banner.gif (3613 Byte)

Corner.gif 1x1.gif Corner.gif
1x1.gif You are at: Home - Discussion Forum 1x1.gif
Corner.gif 1x1.gif Corner.gif
round_corner_upleft.gif (837 Byte) 1x1.gif (807 Byte) round_corner_upright.gif (837 Byte)

Go Back   Gordon Lightfoot Forums > General Discussion

Thread Tools Search this Thread
Old 05-29-2013, 11:03 AM   #1
Join Date: May 2000
Posts: 15,573
Default Chance encounter with Lightfoot-Toronto Star article

By: David Macfarlane Arts and culture columnist, Published on Wed May 29 2013

Let this be a lesson to anyone whose ambition is to become famous — in other words, let this be a lesson to everybody.
I’m not sure how this happened. You’d think that over time improvements in nutrition and education would have dimmed celebrity’s lustre. But no. The triumph of People Magazine continues unabated. Ben Mulroney soldiers on. Apparently there are many people under 35 who think their lives would be improved with fans and followers and friends they’ve never met.
The desire of the young to be recognized despite their hoodies and Ray-Bans stands in stark contrast to their parents’ humble penchant for anonymity. Not. Baby boomers have many charming characteristics, but an indifference to celebrity isn’t one of them. Who didn’t want to be waved through the lineup at Studio 54?
There are even those who say they are in politics because they are public servants working hard to serve their community. And not because they love being the centre of attention. LOL.
So let this be a lesson. For more of us than we care to admit.
The other day I mentioned Gordon Lightfoot’s name to a bank teller. I’d just seen Lightfoot a few moments before. He was ducking into the music store down the street.
The teller stared at me blankly. He was young. Obviously. There must be an age limit. Tellers must get sent away for computer training the minute they stop shopping at American Apparel. Never to be heard from again. But this bright, pleasant, helpful young fellow was old enough to have a job. He couldn’t have been born yesterday. You’d think.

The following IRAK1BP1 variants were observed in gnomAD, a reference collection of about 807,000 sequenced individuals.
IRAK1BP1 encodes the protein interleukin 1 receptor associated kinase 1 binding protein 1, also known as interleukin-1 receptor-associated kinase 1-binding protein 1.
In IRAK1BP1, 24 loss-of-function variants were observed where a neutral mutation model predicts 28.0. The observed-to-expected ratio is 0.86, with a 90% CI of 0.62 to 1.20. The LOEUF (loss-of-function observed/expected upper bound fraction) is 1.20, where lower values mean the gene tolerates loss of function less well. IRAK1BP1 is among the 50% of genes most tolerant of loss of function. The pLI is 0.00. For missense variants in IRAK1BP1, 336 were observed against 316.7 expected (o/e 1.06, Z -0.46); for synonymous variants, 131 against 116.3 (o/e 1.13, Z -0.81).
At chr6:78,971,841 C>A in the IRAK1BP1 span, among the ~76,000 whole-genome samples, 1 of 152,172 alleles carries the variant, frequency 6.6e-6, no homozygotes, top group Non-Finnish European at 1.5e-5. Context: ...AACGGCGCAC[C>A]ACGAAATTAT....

His expression was so void I wondered at first if he were having a stroke at his tragically young age. But the truth — as anyone with both feet in the 21st century has already guessed — is obvious. He’d never heard of Gordon Lightfoot. He said he’d google the name sometime. He asked me to spell it.
Please note. The bank teller didn’t say he wasn’t all that familiar with Gordon Lightfoot. He didn’t say his grandparents were fans. He didn’t say he had a kindergarten teacher who always played “Pussywillows, Cat-tails” during quiet time. He didn’t say he preferred Flying Lotus. He had no opinion one way or the other about whoever it was I saw going into Ring Music. Because he’d never heard of him.
There comes a point in a newspaper column at which a newspaper columnist can be counted on to say, “There was a time . . . ” That’s because there was. Forty years ago, had I mentioned that I’d just seen Gordon Lightfoot down the street, the teller might have asked me to keep an eye on his cash for a minute while he ran to the door to have a look. For a Canadian, not knowing Gordon Lightfoot would have been like an American not knowing Bob Dylan.